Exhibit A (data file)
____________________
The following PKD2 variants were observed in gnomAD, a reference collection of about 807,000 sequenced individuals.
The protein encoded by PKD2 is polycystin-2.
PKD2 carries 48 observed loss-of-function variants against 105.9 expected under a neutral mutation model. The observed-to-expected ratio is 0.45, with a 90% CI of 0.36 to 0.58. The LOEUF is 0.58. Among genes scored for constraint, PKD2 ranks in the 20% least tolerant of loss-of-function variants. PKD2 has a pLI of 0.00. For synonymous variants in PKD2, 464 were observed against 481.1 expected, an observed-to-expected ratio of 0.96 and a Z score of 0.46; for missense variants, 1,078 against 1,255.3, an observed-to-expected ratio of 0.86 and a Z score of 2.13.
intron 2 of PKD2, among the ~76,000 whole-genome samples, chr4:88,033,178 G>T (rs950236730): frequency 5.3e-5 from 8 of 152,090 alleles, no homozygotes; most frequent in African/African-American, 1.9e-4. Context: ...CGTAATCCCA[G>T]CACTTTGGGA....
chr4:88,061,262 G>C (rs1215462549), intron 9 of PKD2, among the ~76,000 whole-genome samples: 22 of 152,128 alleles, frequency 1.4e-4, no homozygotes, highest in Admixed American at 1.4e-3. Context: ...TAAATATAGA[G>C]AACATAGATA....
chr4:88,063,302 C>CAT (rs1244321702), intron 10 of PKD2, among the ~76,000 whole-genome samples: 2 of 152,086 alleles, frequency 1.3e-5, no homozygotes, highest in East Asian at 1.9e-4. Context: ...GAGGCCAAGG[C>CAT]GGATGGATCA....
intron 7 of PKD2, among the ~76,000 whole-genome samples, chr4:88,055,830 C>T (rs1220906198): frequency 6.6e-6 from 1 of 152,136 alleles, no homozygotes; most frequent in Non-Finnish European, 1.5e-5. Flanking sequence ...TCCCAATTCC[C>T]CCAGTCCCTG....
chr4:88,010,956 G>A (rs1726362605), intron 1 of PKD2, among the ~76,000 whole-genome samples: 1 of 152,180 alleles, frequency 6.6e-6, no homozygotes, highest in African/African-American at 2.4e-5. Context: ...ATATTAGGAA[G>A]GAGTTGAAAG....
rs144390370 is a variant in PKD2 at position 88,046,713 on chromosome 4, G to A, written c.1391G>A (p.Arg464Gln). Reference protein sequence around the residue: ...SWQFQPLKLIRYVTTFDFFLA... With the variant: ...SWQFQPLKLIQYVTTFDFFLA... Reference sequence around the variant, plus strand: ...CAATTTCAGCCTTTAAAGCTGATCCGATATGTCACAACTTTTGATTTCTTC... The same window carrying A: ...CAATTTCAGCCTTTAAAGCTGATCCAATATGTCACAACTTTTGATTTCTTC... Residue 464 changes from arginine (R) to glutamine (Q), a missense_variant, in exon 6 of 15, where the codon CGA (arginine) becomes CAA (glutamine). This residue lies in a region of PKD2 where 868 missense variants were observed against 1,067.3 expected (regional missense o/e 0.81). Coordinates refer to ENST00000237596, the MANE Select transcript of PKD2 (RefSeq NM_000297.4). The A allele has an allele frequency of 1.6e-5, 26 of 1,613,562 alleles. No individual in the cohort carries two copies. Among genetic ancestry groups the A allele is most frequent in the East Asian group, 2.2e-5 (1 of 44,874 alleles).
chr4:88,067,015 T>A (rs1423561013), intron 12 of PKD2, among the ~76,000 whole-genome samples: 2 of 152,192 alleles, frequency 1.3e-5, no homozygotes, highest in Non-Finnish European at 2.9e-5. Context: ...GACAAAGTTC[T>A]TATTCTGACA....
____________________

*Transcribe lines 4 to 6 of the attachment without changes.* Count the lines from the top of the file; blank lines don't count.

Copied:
intron 2 of PKD2, among the ~76,000 whole-genome samples, chr4:88,033,178 G>T (rs950236730): frequency 5.3e-5 from 8 of 152,090 alleles, no homozygotes; most frequent in African/African-American, 1.9e-4. Context: ...CGTAATCCCA[G>T]CACTTTGGGA....
chr4:88,061,262 G>C (rs1215462549), intron 9 of PKD2, among the ~76,000 whole-genome samples: 22 of 152,128 alleles, frequency 1.4e-4, no homozygotes, highest in Admixed American at 1.4e-3. Context: ...TAAATATAGA[G>C]AACATAGATA....
chr4:88,063,302 C>CAT (rs1244321702), intron 10 of PKD2, among the ~76,000 whole-genome samples: 2 of 152,086 alleles, frequency 1.3e-5, no homozygotes, highest in East Asian at 1.9e-4. Context: ...GAGGCCAAGG[C>CAT]GGATGGATCA....